In this article, we examine elements of contemporary securitization discourse about immigration and citizenship in Germany, looking both at the German-domestic and European contexts. We seek to identify mechanisms of exclusion from citizenship rights and from human rights that securitization discourses serve to establish. The current disaster faced by refugees and forced-migrants in the aftermath of the Arab Spring is a dreadful illustration of persistent ambivalences: The Federal Republic, in the post-Nazi era and the European Union from its very inception, proclaim allegiance to human and citizens’ rights, which serve, in ones and the same time to promulgate the promise of inclusion and equality, and as instruments of securitization and exclusion. This ambivalent role of citizenship rights and human rights is illustrated in the article by the following cases: Germany’s reform of citizenship law and subsequent rules of social exclusion pertaining primarily to Muslim citizens; the ‘normalization’ of Roma minorities in Germany and other EU member-states. We conclude that the persistence of this ambivalence is remarkable and it ought to be reckoned with, if the emancipatory potential–impaired as it may be–of citizenship and human rights is to be safeguarded.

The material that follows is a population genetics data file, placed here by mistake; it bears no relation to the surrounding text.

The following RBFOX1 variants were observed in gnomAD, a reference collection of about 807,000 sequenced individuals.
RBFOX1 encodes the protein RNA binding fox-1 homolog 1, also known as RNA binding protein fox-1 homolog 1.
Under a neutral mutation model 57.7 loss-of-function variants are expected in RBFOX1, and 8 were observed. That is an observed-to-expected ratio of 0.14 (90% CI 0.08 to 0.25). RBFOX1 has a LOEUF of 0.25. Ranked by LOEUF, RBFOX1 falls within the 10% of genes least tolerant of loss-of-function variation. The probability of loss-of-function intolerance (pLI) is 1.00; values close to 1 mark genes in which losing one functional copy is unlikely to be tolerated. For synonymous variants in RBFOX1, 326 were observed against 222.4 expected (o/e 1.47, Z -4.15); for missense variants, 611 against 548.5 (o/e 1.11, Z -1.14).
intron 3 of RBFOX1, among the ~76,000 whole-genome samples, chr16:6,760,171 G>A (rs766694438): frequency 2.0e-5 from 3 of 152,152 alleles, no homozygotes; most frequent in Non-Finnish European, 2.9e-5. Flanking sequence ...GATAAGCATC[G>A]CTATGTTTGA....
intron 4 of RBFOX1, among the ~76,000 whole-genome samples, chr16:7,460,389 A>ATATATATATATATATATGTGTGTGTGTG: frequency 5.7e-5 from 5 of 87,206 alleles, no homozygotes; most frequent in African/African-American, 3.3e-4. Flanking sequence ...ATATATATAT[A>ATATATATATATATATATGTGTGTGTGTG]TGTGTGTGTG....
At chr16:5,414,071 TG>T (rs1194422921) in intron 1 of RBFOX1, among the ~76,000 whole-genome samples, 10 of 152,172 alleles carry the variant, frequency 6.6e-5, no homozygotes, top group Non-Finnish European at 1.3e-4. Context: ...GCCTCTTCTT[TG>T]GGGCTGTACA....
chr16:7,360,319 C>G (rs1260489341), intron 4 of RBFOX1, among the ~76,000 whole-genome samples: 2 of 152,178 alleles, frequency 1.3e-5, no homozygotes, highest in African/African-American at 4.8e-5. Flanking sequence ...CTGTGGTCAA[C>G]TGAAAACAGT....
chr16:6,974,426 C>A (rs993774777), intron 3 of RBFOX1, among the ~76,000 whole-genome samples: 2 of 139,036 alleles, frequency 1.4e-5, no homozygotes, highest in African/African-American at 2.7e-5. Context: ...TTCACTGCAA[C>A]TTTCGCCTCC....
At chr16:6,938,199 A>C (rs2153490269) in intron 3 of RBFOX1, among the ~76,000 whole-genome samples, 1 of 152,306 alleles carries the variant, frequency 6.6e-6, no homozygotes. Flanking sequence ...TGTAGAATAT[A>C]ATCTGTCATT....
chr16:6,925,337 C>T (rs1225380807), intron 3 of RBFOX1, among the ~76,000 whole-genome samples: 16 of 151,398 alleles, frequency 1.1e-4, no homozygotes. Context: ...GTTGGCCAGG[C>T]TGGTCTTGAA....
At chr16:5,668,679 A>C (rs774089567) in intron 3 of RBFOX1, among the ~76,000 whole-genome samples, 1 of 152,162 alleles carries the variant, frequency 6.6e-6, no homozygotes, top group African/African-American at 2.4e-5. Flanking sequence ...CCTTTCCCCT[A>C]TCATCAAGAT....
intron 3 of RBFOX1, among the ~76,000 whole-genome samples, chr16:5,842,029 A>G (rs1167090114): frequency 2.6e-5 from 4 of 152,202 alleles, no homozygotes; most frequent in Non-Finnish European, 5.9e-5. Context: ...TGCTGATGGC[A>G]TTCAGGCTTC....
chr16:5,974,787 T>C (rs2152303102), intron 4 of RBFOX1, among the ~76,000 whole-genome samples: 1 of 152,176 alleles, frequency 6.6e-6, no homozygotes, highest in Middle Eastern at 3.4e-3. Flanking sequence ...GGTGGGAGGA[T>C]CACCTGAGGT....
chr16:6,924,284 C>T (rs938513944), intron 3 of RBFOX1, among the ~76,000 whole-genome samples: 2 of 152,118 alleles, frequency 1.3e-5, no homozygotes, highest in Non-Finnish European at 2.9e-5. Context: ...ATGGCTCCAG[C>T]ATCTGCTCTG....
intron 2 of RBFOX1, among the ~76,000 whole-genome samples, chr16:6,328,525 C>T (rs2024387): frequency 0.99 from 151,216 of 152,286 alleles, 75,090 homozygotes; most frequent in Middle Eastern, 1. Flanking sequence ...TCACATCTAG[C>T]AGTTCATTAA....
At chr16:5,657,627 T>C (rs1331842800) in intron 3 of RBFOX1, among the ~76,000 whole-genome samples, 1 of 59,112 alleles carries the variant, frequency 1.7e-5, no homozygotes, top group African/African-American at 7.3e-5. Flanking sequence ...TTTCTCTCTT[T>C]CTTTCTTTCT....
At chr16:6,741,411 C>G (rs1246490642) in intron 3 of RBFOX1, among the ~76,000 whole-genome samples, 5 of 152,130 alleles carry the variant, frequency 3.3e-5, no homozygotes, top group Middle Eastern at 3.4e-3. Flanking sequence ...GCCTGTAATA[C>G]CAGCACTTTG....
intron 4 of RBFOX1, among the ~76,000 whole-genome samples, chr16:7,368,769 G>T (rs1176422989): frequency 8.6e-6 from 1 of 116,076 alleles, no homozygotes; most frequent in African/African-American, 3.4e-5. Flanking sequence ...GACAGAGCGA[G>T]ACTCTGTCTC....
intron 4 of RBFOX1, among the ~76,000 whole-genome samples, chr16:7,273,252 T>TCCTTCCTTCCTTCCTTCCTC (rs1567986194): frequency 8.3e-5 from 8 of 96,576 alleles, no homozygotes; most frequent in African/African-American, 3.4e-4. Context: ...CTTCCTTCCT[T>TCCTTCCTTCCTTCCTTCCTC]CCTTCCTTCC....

Bibliographical notePublisher Copyright:
© 2017 Informa UK Limited, trading as Taylor & Francis Group.
- Roma minorities
- border policies
- citizenship rights
- human rights
- migration regimes
- social exclusion
ASJC Scopus subject areas
- Geography, Planning and Development
- Political Science and International Relations